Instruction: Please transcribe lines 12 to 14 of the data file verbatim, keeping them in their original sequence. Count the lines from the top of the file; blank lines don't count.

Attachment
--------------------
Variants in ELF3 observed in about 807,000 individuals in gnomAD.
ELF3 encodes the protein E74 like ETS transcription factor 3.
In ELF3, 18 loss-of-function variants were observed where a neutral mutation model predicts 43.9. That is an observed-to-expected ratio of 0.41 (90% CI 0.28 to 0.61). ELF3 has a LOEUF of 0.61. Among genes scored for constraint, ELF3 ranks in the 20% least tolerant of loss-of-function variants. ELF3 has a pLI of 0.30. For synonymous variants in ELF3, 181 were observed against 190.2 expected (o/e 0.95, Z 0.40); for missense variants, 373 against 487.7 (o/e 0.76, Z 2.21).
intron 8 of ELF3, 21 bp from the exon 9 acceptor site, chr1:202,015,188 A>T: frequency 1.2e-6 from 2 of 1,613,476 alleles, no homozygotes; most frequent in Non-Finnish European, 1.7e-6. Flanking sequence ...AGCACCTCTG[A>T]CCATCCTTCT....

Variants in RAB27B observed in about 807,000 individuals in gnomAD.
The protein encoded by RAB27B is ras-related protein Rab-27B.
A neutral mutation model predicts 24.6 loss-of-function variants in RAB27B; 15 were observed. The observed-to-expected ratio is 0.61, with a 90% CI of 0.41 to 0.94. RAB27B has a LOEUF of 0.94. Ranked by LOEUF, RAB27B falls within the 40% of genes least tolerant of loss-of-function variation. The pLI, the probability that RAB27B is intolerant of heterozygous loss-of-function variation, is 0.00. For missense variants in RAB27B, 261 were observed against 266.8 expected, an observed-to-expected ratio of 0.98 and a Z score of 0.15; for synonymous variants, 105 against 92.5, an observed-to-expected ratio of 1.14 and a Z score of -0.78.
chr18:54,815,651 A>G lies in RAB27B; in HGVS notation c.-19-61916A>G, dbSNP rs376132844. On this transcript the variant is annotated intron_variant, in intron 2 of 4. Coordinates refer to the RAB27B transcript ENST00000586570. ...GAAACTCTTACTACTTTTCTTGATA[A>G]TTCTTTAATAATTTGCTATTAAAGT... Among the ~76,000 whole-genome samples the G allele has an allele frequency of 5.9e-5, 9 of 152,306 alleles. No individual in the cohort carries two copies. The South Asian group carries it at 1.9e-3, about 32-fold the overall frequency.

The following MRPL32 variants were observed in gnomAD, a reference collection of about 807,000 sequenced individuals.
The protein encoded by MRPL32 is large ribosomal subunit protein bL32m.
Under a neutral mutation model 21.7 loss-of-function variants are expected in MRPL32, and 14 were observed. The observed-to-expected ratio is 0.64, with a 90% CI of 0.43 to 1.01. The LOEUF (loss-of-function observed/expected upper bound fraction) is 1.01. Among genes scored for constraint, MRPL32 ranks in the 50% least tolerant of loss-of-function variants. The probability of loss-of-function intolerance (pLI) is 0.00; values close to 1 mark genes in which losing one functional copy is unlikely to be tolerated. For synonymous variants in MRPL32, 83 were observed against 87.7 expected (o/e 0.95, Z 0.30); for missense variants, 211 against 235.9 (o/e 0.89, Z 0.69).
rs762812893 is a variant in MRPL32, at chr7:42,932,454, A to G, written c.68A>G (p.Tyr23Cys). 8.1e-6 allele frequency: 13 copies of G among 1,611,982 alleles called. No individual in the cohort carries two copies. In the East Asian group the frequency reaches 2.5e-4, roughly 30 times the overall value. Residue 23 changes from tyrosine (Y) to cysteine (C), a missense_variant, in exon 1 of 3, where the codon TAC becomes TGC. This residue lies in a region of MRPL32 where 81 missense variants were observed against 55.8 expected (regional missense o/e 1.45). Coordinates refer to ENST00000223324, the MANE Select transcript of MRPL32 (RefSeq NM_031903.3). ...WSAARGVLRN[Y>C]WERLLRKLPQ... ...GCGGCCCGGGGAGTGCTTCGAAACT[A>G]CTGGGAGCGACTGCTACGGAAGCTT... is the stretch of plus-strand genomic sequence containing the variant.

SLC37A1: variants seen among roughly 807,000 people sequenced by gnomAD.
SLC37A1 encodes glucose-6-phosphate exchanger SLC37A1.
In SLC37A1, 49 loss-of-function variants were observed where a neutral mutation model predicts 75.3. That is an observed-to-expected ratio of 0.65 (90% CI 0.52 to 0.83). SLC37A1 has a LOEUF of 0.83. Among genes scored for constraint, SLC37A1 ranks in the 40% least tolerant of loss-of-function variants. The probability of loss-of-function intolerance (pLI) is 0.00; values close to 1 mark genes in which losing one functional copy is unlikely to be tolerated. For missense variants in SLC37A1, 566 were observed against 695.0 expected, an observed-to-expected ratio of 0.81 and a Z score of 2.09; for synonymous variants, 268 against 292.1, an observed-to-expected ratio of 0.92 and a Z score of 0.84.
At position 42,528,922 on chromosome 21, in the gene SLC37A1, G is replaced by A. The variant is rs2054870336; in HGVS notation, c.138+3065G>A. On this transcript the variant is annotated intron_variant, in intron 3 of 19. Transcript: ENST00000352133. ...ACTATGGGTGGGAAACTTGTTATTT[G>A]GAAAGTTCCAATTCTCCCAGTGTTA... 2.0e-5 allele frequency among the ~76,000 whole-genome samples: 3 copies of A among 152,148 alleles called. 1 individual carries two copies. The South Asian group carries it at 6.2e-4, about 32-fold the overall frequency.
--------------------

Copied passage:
rs762812893 is a variant in MRPL32, at chr7:42,932,454, A to G, written c.68A>G (p.Tyr23Cys). 8.1e-6 allele frequency: 13 copies of G among 1,611,982 alleles called. No individual in the cohort carries two copies. In the East Asian group the frequency reaches 2.5e-4, roughly 30 times the overall value. Residue 23 changes from tyrosine (Y) to cysteine (C), a missense_variant, in exon 1 of 3, where the codon TAC becomes TGC. This residue lies in a region of MRPL32 where 81 missense variants were observed against 55.8 expected (regional missense o/e 1.45). Coordinates refer to ENST00000223324, the MANE Select transcript of MRPL32 (RefSeq NM_031903.3). ...WSAARGVLRN[Y>C]WERLLRKLPQ... ...GCGGCCCGGGGAGTGCTTCGAAACT[A>G]CTGGGAGCGACTGCTACGGAAGCTT... is the stretch of plus-strand genomic sequence containing the variant.

SLC37A1: variants seen among roughly 807,000 people sequenced by gnomAD.
SLC37A1 encodes glucose-6-phosphate exchanger SLC37A1.